Thursday, March 24, 2011 7:00 P.M.
The Glazer Institute and the Center for Entertainment, Media, and Culture were thrilled to show the short documentary Strangers No More in conjunction with Professor Craig Detweiler’s course, A Social Scientific Perspective on Film, on March 24, 2011 at 7:00 P.M. in Elkins Auditorium. Strangers No More offers a glimpse into daily life at a school geared towards immigrants and refugees in Tel Aviv, Israel. Bialik-Rogozin School teaches children from forty-eight different countries, many of whom have never gone to school before. Strangers No More follows several students’ struggle to acclimate to life in a new land while slowly opening up to share their stories of hardship and tragedy; as these students begin to grow in school, they come together to form a unified community after fleeing from lives of poverty, political adversity, even genocide.
After the screening of the film, investors in the school joined a Pepperdine student who interned with the Bialik-Rogozin School last summer to discuss the film, the school, and questions from the audience.
Strangers No More won an Oscar in the category of Best Documentary Short Subject in February 2011.CONVOCATION: Interfaith Dialogue
Thursday, March 10, 2011 7:00 P.M.
In an unprecedented convocation, the Glazer Institute co-sponsored a forum on the Middle East hosted by Christians, Jews, and Muslims of the Abrahamic Faiths Peacemaking Initiative (AFPI). Over the course of an hour, over one hundred students met eight religious leaders, practitioners, and scholars from the three monotheistic traditions, representing diverse social, political, theological, and gendered perspectives. The representatives of AFPI engaged in a model dialogue on the Middle East in a way that is at once intense, personal, and deeply meaningful and at the same time civil, mutually respectful, and acknowledging of the multiple narratives, truths, and perspectives. By bringing together a collection of each faith’s relevant teachings, they aimed to contribute an authentic and substantive religious voice to the current peace movement, to activate Americans of faith to insist on peaceful solutions to local, national and global conflicts.This program challenged students to think differently about reaching across faiths to collaboratively problem-solve the problems of the Middle East at home and abroad.For Faculty, Staff, and Administrators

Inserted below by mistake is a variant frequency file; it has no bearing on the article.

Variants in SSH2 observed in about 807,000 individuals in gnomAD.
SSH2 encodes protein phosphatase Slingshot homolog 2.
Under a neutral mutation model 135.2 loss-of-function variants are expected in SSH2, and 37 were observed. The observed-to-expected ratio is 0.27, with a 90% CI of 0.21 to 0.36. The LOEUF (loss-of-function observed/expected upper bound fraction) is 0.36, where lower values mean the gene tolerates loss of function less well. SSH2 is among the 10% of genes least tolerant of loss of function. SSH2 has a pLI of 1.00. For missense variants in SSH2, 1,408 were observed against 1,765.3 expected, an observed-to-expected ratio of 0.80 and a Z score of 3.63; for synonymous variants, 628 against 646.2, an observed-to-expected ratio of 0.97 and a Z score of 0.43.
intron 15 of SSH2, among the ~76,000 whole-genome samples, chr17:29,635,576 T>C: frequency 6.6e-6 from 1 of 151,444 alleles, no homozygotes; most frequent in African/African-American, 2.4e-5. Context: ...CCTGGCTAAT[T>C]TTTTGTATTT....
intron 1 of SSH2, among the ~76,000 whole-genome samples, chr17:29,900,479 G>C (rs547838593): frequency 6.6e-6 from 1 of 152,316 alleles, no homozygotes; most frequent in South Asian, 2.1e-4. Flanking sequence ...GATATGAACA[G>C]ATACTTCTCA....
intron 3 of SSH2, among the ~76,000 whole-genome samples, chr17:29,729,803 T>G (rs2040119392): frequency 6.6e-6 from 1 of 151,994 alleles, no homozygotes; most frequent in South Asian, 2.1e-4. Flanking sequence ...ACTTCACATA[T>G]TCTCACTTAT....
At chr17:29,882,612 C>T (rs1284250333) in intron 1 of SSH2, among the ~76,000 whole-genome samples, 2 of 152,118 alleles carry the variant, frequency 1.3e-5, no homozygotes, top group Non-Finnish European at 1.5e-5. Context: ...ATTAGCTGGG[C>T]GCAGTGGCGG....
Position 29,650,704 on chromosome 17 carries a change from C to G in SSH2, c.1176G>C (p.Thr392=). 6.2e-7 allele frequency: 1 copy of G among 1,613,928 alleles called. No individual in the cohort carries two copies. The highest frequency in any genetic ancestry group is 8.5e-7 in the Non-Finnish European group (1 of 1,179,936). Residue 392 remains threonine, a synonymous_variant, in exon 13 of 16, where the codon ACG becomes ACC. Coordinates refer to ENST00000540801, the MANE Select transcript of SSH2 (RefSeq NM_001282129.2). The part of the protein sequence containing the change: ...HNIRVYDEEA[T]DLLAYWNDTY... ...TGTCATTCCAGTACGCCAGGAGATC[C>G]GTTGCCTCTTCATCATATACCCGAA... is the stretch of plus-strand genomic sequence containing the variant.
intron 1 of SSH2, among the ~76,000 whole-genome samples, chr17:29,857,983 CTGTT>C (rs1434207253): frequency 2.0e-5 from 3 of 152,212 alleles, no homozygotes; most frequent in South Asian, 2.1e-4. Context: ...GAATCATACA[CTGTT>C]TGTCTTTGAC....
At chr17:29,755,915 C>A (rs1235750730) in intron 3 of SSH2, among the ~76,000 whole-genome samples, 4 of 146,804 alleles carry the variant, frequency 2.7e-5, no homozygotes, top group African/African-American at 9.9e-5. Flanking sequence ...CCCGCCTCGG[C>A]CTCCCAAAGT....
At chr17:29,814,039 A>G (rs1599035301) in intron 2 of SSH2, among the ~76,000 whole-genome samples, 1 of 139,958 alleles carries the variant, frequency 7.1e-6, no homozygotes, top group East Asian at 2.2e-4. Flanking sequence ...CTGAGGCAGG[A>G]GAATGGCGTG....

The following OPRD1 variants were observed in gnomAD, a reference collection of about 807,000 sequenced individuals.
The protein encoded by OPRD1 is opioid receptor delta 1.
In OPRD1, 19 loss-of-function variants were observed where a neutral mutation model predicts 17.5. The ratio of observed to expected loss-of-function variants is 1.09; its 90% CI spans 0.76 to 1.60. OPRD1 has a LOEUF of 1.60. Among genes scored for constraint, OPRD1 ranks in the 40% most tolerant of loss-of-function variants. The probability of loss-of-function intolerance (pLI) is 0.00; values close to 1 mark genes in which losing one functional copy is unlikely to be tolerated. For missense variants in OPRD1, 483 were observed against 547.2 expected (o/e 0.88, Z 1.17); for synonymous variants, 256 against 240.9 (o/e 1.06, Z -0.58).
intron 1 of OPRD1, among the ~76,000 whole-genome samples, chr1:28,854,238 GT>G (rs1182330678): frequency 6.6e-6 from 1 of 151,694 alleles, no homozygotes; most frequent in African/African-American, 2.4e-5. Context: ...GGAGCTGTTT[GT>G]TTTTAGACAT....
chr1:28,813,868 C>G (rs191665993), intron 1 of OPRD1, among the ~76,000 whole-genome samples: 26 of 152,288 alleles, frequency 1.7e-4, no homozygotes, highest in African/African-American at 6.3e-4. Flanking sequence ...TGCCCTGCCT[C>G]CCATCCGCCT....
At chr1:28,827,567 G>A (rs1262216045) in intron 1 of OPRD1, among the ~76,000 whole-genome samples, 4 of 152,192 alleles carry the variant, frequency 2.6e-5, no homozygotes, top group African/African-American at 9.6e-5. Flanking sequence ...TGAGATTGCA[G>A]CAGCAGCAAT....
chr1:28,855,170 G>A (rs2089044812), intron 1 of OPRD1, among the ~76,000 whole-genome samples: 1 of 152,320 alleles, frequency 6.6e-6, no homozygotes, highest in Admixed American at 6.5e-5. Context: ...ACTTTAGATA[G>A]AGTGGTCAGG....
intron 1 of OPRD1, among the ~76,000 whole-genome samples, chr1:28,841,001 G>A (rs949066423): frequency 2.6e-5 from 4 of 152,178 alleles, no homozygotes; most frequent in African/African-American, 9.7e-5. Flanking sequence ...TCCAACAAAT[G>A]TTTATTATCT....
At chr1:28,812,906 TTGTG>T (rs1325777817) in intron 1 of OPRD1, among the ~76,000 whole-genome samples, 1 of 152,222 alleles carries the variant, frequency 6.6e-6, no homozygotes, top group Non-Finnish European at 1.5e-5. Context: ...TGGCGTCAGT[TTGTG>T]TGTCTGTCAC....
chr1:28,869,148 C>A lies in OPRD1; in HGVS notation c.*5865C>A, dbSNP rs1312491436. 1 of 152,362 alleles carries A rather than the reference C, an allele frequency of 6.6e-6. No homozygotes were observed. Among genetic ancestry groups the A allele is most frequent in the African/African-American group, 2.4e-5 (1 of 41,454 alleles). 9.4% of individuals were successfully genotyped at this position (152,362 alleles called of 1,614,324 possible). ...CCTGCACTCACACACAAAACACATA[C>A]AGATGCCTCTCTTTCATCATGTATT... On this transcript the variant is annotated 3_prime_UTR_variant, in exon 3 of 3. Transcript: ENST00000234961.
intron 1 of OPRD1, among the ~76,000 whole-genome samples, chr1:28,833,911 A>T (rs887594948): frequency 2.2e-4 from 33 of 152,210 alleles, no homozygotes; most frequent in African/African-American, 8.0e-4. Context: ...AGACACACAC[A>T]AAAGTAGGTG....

Thursday, March 10, 2011 4:00P.M.
Members of the faculty and staff joined a conversation on the Middle East with Christians, Jews, and Muslims of the Abrahamic Faiths Peacemaking Initiative (AFPI). Guided by eight religious leaders, practitioners, and scholars from the three monotheistic traditions, participants discussed the climate for Middle East conversations on university campuses and at Pepperdine. They will also addressed the critical question: How do we – as faculty, staff, and administrators committed to the education and development of our next generation of leaders -- engage students of different faith and political traditions in difficult conversations on the Middle East? In such contexts, how do we foster civil discourse, open communication, mutual respect, and shared understanding? Participants left the AFPI-led conversation with expanded tools for promoting civil and open dialogue on the Pepperdine campus.
Raitt Recital Hall
February 23-24, 2011 7:30 P.M.
The Pepperdine Libraries presented actress Kate Fuglei (known for her roles in Desperate Housewives, N.C.I.S, The Closer, and Nip/Tuck) in Rachel Calof, a one-woman show with music, based on the real-life story of a Jewish pioneer to North Dakota in the 1890’s. Rachel Calof was born in Russia in 1876 and sent to America without a dowry as a mail-order-bride for a young man named Abraham Calof. She and Abraham journeyed from New York to North Dakota; her memoirs capture the struggle to adapt to difficult positions and grow in her relationship with her husband. Eventually she and her family became well-known and respected throughout the area, and she and her husband were integral to the establishment of the first organized local school district. For this work, they received letters of commendation from Presidents William Howard Taft and Woodrow Wilson. Adapted from the memoir by Ken LaZebnik (playwright and screenwriter – A Prairie Home Companion, with Garrison Keillor), with music by New York composer Leslie Steinweiss, and directed by Emmy-award winning director Ellen S. Pressman.